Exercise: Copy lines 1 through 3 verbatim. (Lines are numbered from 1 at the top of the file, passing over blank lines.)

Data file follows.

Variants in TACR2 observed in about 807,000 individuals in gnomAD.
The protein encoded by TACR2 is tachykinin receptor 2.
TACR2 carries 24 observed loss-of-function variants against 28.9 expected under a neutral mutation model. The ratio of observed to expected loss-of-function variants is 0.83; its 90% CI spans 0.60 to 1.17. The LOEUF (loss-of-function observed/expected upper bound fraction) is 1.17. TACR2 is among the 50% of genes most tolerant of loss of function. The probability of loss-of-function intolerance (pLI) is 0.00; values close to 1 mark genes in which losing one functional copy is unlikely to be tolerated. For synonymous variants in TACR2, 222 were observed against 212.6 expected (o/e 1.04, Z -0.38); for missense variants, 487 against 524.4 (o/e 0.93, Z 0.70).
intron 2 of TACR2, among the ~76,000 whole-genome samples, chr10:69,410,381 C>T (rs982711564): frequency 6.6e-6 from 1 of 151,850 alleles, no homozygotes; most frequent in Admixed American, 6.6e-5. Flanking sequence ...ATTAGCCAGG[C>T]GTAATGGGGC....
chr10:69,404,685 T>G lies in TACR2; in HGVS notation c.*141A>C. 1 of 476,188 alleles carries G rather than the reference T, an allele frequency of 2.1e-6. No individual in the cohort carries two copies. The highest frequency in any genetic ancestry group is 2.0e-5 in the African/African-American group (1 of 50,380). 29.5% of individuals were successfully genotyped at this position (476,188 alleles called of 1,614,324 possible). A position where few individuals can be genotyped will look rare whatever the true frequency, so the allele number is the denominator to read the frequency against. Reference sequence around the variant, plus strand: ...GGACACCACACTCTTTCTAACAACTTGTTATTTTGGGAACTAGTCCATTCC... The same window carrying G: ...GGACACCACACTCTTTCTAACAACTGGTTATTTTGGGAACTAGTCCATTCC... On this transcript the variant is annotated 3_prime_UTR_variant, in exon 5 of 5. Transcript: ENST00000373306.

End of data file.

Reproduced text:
Variants in TACR2 observed in about 807,000 individuals in gnomAD.
The protein encoded by TACR2 is tachykinin receptor 2.
TACR2 carries 24 observed loss-of-function variants against 28.9 expected under a neutral mutation model. The ratio of observed to expected loss-of-function variants is 0.83; its 90% CI spans 0.60 to 1.17. The LOEUF (loss-of-function observed/expected upper bound fraction) is 1.17. TACR2 is among the 50% of genes most tolerant of loss of function. The probability of loss-of-function intolerance (pLI) is 0.00; values close to 1 mark genes in which losing one functional copy is unlikely to be tolerated. For synonymous variants in TACR2, 222 were observed against 212.6 expected (o/e 1.04, Z -0.38); for missense variants, 487 against 524.4 (o/e 0.93, Z 0.70).